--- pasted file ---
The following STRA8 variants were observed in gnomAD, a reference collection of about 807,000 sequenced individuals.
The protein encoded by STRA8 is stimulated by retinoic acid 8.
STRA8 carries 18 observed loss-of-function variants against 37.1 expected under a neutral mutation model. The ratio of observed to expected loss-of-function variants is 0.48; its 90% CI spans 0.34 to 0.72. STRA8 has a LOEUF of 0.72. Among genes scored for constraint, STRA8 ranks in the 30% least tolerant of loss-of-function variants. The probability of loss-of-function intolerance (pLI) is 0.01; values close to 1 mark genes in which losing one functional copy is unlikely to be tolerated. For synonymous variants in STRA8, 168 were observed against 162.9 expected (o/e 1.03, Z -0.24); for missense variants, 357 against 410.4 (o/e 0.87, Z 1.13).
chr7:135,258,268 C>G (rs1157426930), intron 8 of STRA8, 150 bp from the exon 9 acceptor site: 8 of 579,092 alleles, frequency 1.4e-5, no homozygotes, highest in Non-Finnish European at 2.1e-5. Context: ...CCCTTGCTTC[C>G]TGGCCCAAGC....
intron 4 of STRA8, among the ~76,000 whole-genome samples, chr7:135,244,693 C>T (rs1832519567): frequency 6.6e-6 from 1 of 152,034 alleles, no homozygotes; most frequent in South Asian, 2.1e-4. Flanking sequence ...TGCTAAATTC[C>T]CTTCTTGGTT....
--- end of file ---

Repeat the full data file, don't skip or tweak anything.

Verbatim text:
The following STRA8 variants were observed in gnomAD, a reference collection of about 807,000 sequenced individuals.
The protein encoded by STRA8 is stimulated by retinoic acid 8.
STRA8 carries 18 observed loss-of-function variants against 37.1 expected under a neutral mutation model. The ratio of observed to expected loss-of-function variants is 0.48; its 90% CI spans 0.34 to 0.72. STRA8 has a LOEUF of 0.72. Among genes scored for constraint, STRA8 ranks in the 30% least tolerant of loss-of-function variants. The probability of loss-of-function intolerance (pLI) is 0.01; values close to 1 mark genes in which losing one functional copy is unlikely to be tolerated. For synonymous variants in STRA8, 168 were observed against 162.9 expected (o/e 1.03, Z -0.24); for missense variants, 357 against 410.4 (o/e 0.87, Z 1.13).
chr7:135,258,268 C>G (rs1157426930), intron 8 of STRA8, 150 bp from the exon 9 acceptor site: 8 of 579,092 alleles, frequency 1.4e-5, no homozygotes, highest in Non-Finnish European at 2.1e-5. Context: ...CCCTTGCTTC[C>G]TGGCCCAAGC....
intron 4 of STRA8, among the ~76,000 whole-genome samples, chr7:135,244,693 C>T (rs1832519567): frequency 6.6e-6 from 1 of 152,034 alleles, no homozygotes; most frequent in South Asian, 2.1e-4. Flanking sequence ...TGCTAAATTC[C>T]CTTCTTGGTT....